Bidne kelber tut men bindn,

un men shlept zey, un men shekht.

Ver s’hot fligl – flit aroyftsu,

iz bay keynem nisht keyn knekht.

On the cart lies the calf,

lies bound with a rope.

High in the sky flies the swallow,

joyfully turns back and forth.

The wind laughs in the rye,

laughs and laughs and laughs.

It laughs a whole day

and half a night.

The calf cries out, the farmer says:

Who tells you to be a calf?

You could have been a bird,

you could have been a swallow!

Poor calves get bound,

and they are dragged, and they are slaughtered.

Whoever has wings – flies skyward,

is to no one a slave.

21. 3:10 Der nayer sher & Wedding Samba (Yiddish & American/Latin)

(Yiddish: Abraham Ellstein, © 1940 Ethnic Music Publishing)

(English: Ellstein, Allan Small, Joseph Liebowitz, © 1948 Duchess Music)

NAMA 4. From the book Great Songs of the Yiddish Theater (see #19); and The Wedding Samba, Carmen Miranda & the Andrews Sisters, MCA Coral CDLM 8029. This is a remarkable ethnic connection – from a Russian “scissors dance” (sher) to the Yiddish theater to a samba; and a “Mexican” samba at that!

Sue sings the Yiddish, Barbara and Sue the English. The Brazilian percussion instruments played by Eytan ben Sheviya on this and #22 include atabaques (conga drums), chocalhos (metal shakers), pandeiros (tambourines), agogô (double bell), maracas, and apito (two-tone samba whistle).

^ Hey, du klezmer, nem dem fidl,

shpil dos naye lidl,

tantsn vet men dem nayem sher.

In a karahod men dreyt zikh,

un dos harts derfreyt zikh,

nor ven men tantst dem nayem sher.

Hekher, hekher, biz der stelye

shpringt der zeyde, Elye,

es vilt zikh lebn im vos mer.

Un di bobe, Sosye, kvelt fun nakhes,

sonim oyf tsu lakhes;

tantsn vet men dem nayem sher.

Nu zet, nor zet, vi yeder freyt zikh,

un vi men dreyt zikh un men tupet mit di fis.

Dos harts tsegeyt, nor tantsn bet zikh,

vayl ven men tantst vert dan dos lebn azoy zis.

Hey, you musician, take the fiddle,

play the new tune,

everyone will dance the new sher.

In a circle you whirl,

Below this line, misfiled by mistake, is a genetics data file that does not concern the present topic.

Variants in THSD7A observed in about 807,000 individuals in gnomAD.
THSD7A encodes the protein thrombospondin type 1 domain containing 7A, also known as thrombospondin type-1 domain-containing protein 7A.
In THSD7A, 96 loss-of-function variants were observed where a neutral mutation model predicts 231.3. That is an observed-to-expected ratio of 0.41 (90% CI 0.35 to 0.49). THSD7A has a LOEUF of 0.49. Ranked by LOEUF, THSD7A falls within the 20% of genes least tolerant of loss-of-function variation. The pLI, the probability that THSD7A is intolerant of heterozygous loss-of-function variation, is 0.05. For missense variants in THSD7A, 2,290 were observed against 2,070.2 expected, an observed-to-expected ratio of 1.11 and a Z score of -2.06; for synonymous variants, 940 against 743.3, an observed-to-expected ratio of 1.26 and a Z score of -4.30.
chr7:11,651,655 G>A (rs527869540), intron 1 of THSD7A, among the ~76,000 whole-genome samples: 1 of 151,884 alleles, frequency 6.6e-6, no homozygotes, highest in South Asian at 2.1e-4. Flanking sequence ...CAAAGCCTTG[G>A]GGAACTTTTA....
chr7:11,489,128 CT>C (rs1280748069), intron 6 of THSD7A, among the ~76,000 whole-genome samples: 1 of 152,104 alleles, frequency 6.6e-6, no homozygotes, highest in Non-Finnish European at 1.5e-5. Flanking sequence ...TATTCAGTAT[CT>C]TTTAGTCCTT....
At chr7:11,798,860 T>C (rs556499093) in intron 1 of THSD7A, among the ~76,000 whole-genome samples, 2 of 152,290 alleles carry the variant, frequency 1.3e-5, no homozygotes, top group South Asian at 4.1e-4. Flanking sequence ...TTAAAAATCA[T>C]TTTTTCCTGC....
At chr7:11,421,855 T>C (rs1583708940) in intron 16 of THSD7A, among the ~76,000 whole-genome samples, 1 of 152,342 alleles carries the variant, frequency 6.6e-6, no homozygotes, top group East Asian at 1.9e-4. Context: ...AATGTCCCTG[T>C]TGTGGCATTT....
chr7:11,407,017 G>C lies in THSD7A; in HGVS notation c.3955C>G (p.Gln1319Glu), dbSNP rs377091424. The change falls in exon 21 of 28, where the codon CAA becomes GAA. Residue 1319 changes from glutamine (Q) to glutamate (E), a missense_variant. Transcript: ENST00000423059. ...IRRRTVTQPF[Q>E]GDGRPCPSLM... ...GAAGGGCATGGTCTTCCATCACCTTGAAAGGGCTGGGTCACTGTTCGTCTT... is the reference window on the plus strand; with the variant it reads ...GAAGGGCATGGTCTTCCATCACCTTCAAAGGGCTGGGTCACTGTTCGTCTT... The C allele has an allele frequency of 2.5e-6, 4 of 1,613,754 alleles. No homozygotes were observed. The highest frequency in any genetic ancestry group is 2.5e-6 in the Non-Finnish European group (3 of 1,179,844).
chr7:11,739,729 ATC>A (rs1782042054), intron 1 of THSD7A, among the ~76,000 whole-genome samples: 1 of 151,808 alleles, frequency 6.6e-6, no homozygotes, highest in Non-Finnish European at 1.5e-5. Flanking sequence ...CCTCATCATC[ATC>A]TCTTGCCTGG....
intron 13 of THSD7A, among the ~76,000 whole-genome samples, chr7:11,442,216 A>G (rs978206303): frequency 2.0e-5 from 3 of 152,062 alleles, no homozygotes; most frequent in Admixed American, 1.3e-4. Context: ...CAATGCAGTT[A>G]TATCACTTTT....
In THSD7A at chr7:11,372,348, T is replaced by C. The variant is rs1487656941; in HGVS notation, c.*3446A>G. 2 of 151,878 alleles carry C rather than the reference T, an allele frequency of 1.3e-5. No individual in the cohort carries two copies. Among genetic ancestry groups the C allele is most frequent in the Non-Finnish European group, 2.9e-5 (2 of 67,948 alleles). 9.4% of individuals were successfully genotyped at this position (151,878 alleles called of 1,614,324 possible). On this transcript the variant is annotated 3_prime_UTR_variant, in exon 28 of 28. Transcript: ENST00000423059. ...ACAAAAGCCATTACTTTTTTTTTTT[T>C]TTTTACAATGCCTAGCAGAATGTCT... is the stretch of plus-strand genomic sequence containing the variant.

and your heart gets happy,

only when you dance the new sher.

Higher, higher, up to the ceiling

springs Grandfather Elye,

he wants to live more and more.

And Grandmother Sosye beams with pride,

to the dismay of her enemies;

everyone will dance the new sher.

Oh look, just look, how everyone makes merry,

and how they whirl and tap their feet.

Your heart melts, wants only to dance,

for when you dance, then life becomes so sweet.

22. 3:51 Tico-tico no fubá (Brazilian & American, Samba)

(Music: Zequinha de Abreu, 1917; Carioca Portuguese words:

Aloysio de Oliveira, © 1939? Southern Music?)

(English words: Ervin Drake, © 1943 Peer International)

NAMA 4. Arranged by David Owens from: Tico-tico,

Carmen Miranda & Bando Da Lua, Decca 23414A (78);

Tico-tico, Charles Wolcott & Aloysio Oliveira, Decca

23318A (78); and Tico tico, Xavier Cugat, Elena

Verdugo, Columbia 36780 (78)

(“For perfect tone use Columbia Needles”). Melody written as a chorinho by Abreu, a Brazilian bandleader, and called “sparrow in the cornmeal” because of the dancers bobbing up and down.

(A tico-tico is a Brazilian finch, the rufous-collared sparrow.) Lyrics by Aloysio Oliveira, leader of the ^ Bando da lua (“group of the moon”), featured by Miranda and in the 1942 Disney “Good Neighbor” film Saludos Amigos. Jose Oliveira (above) did the parrot Joe Carioca!

Barbara sings the Brazilian vocal (you have to hear Carmen Miranda’s recording to know how good this is!), she and Sue the English. Dan Ratkovich plays the guitar solo, originally done by Nestor Amaral on a Del Vecchio dynamic tenor guitar. Brazilian percussion by Eytan ben Sheviya (see #21). Thanks to Aloysio Oliveira for consultation on this song.

(* not sung by Carmen or Barbara.)

^ O tico-tico tá, tá outra vez aqui,

o tico-tico tá comendo o meu fubá.

Se o tico-tico tem, tem que se alimentar,

que vá comer umas minhocas no pomar.

(Eu sei que ele vem viver no meu quintal,

e vem com ares de canário e de pardal.)*

Mas por favor tira esse bicho do celeiro,

porque ele acaba comendo o fubá inteiro.

Tira esse tico de lá (cá),

de cima de meu fubá.

Tem tanta fruta que ele pode pinicar.

Eu já fiz tudo para ver se conseguia.

Botei alpiste para ver se ele comia.

Botei um gato, um espantalho,

e um alçapão, mas ele acha

que o fubá é que é boa alimentação.

The tico-tico is, is once again here,

the tico-tico is eating my cornmeal.

If the tico-tico has, has to feed himself,

let him eat some worms in the orchard.

(I know that he comes to live in my yard,

and comes with airs of a canary and a sparrow.)

But please take that creature out of the granary,

because he is eating up all the cornmeal.

Get that tico out of there (here),

from on top of my cornmeal.

He has so much fruit that he can peck.

I have done everything to see if I can catch him.

I threw out birdseed to see if he would eat it.

I put out a cat, a scarecrow,

and a trap, but he thinks

that the cornmeal is the best food.

23. 3:53 Home in Pasadena (American)

(Music: Harry Warren; Words: Grant Clarke, Edgar Leslie,

© 1923 Clarke & Leslie Songs; Fisher; Four Jays)

Recorded live in our Community Concert 30 Oct 1983, in Santa Ana CA (the last time we ever sang this). This was done by Al Jolson with Isham Jones, Brunswick 2582 (78), but immortalized by Vernon Dalhart (Marion Try Slaughter) & Ed Smalle in their inventive counterpoint version, Regal 5442 & Bell P276A (78s). A wonderful old-time song, and the official song of Pasadena CA (which is not widely known!). Sue sings the melody, Barbara and David most of the harmony and counterpoint. Close your eyes and picture Pasadena in 1923!